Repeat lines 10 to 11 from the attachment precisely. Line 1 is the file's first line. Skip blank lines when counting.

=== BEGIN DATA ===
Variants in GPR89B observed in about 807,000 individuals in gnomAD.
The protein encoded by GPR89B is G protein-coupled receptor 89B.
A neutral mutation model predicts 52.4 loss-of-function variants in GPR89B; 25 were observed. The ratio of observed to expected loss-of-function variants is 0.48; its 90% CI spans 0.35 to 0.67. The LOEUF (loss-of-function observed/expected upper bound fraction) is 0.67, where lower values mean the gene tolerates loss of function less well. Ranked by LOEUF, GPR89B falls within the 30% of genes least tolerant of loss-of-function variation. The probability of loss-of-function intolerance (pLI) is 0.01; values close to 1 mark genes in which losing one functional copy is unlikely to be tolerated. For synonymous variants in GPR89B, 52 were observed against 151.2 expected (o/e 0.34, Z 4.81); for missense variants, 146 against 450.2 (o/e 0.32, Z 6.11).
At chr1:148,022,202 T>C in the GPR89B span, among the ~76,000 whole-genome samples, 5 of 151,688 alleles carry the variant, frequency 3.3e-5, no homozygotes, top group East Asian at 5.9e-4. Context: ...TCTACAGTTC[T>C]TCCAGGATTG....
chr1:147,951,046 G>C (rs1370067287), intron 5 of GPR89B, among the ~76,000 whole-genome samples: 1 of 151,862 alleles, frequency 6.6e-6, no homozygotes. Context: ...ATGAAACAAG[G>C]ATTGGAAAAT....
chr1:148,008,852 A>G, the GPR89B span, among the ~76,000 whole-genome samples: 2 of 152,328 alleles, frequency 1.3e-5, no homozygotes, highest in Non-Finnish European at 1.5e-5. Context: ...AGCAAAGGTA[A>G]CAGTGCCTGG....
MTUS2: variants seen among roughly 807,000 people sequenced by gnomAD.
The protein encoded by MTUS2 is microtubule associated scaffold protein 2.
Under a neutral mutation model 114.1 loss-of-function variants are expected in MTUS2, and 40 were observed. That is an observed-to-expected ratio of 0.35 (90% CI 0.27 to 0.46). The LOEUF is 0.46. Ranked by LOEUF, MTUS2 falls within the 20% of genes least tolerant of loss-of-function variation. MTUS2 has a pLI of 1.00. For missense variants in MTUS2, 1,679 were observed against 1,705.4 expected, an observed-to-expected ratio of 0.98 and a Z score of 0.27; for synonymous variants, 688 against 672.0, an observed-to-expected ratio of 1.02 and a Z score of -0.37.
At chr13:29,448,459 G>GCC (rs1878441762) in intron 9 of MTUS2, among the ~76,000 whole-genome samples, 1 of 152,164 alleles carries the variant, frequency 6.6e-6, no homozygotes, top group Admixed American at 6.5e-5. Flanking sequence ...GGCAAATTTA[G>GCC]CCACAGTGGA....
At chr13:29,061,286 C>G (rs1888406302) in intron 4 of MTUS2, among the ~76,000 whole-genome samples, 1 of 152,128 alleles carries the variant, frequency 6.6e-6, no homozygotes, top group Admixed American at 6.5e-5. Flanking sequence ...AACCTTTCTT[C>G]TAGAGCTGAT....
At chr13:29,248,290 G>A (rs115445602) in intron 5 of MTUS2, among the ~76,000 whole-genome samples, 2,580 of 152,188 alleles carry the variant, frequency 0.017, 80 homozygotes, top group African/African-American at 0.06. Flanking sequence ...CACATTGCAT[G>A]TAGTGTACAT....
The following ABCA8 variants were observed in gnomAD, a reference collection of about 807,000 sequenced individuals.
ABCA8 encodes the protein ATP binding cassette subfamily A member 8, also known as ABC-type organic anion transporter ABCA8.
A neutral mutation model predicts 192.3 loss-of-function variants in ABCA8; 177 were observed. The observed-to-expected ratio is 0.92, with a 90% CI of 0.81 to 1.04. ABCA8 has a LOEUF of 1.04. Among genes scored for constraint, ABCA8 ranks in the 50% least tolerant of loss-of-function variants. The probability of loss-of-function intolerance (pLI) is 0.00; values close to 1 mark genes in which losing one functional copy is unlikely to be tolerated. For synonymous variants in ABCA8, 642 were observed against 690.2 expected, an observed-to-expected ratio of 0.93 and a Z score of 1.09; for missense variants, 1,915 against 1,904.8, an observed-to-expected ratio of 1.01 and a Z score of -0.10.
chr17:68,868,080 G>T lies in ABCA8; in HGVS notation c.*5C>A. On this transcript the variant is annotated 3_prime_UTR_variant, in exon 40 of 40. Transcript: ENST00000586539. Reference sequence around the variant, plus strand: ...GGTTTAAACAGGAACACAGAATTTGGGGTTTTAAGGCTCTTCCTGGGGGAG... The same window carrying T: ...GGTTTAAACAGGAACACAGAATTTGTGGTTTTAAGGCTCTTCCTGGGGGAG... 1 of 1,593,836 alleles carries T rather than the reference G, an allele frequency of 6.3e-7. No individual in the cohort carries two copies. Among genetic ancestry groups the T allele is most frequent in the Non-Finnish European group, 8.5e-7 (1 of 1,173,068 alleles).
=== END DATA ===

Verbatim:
At chr13:29,448,459 G>GCC (rs1878441762) in intron 9 of MTUS2, among the ~76,000 whole-genome samples, 1 of 152,164 alleles carries the variant, frequency 6.6e-6, no homozygotes, top group Admixed American at 6.5e-5. Flanking sequence ...GGCAAATTTA[G>GCC]CCACAGTGGA....
At chr13:29,061,286 C>G (rs1888406302) in intron 4 of MTUS2, among the ~76,000 whole-genome samples, 1 of 152,128 alleles carries the variant, frequency 6.6e-6, no homozygotes, top group Admixed American at 6.5e-5. Flanking sequence ...AACCTTTCTT[C>G]TAGAGCTGAT....